2. What percentage of the cotton grown in India do you think qualifies as organic?
    I would say around 32%.  As the demand for organic cotton grows I do foresee this percentage increasing.
  3. What do think is the most important immediate benefit to Indian farmers of growing cotton organically?
    I would say there are multiple benefits but one of the important facets is that the cost of farming is lower for the Indian farmer when growing organic goods. The investment into herbicides and pesticides can be extremely expensive and the use of these chemicals results in a “posioned land” – which not only affects the crops, but also the water and the adjacent land and villages.  On a positive note, the push for organic farming in the Indian community has lead to systems that are more sustainable and profitable.  The best part is they have learnt that you can rely on other methods for great crop production – pesticides are not the only answer. 
  4. What do you love most about dressing your daughter in organic clothes?
    I love that I am doing my part in helping Mother Earth. Aside from the sheer softness of organic clothes, by buying organic I know that I am supporting a eco-system that is sustainable!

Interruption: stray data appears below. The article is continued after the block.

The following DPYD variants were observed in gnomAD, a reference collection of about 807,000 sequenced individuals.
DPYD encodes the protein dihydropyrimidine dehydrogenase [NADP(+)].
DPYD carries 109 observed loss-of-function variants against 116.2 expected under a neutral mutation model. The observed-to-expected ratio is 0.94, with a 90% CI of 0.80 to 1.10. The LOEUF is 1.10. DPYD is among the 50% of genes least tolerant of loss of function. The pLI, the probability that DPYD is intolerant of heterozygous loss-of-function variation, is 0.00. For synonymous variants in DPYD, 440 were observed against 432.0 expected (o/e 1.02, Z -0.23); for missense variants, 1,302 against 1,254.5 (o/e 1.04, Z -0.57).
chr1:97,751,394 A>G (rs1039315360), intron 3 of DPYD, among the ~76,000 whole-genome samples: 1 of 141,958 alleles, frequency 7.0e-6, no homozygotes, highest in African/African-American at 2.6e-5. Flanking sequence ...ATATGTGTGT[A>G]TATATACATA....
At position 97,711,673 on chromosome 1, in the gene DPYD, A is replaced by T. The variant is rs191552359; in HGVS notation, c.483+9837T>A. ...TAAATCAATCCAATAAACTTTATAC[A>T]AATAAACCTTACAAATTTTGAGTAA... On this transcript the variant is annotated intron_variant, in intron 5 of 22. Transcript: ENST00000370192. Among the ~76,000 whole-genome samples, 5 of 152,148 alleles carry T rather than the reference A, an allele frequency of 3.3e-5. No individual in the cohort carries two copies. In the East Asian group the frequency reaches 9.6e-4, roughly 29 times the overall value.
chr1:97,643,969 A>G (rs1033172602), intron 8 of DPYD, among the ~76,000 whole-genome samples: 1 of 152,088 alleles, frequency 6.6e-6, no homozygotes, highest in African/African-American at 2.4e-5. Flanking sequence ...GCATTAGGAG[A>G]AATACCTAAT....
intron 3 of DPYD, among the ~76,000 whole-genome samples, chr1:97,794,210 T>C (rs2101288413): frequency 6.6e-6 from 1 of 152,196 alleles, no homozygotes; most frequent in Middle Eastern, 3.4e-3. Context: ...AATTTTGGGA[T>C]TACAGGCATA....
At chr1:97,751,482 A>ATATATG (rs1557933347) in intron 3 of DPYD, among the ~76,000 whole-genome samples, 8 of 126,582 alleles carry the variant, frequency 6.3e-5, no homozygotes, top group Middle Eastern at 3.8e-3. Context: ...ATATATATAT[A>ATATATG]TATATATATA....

5.  How do you encourage and educate your daughter about organic living?
    We do quite a lot, starting with recycling. She is finally at the age where she understands why we do certain things like limiting our water consumption when brushing our teeth and having a bath, turning off the lights when we are not using them, recycling paper for arts and crafts, and ensuring that all paper and plastic is recycled.  Actually, on recycling day she helps me sort items which is a great learning activity.

Thanks, Sonia, for this wealth of information!  And check My Little Pakora’s fantastic Thanksgiving sale here.


The shopping season has begun, and if you consider yourself eco and stylish, you can’t carry around those bright green reusable grocery totes now can you?  We found these cute cotton shopping bags from Himalayan Tapestry.  Made from 100% cotton and printed with vegetable dyes, the totes are large enough to carry you through an afternoon of shopping.

And the best part?  They’re handmade by Indian and Nepali women through a women’s development center whose mission is to train and afford women the opportunity to support their families.  All proceed from every sale are invested directly back into the development center – so they can reach out to more women.

Makes me feel a little better about myself when I’m handing over my plastic.  Check it out:


My poor daughter has been very neglected in the room-design department.  She inherited a yellow nursery from her brother, so I want her big-girl room to be extra-fabulous.  I’m liking these duvets:  Blissliving’s Harajuku (toned-down girly-glam) and Sanford Burrows’ Field Day (whimsical and intriguing).

I’m thinking I’ll kid-ify the room with a luscious wall color, a few playful pillows, and some mirror-embroidered drapes.  A satisfying mix of clean lines with just a hint of Indian antiquity?  We shall see.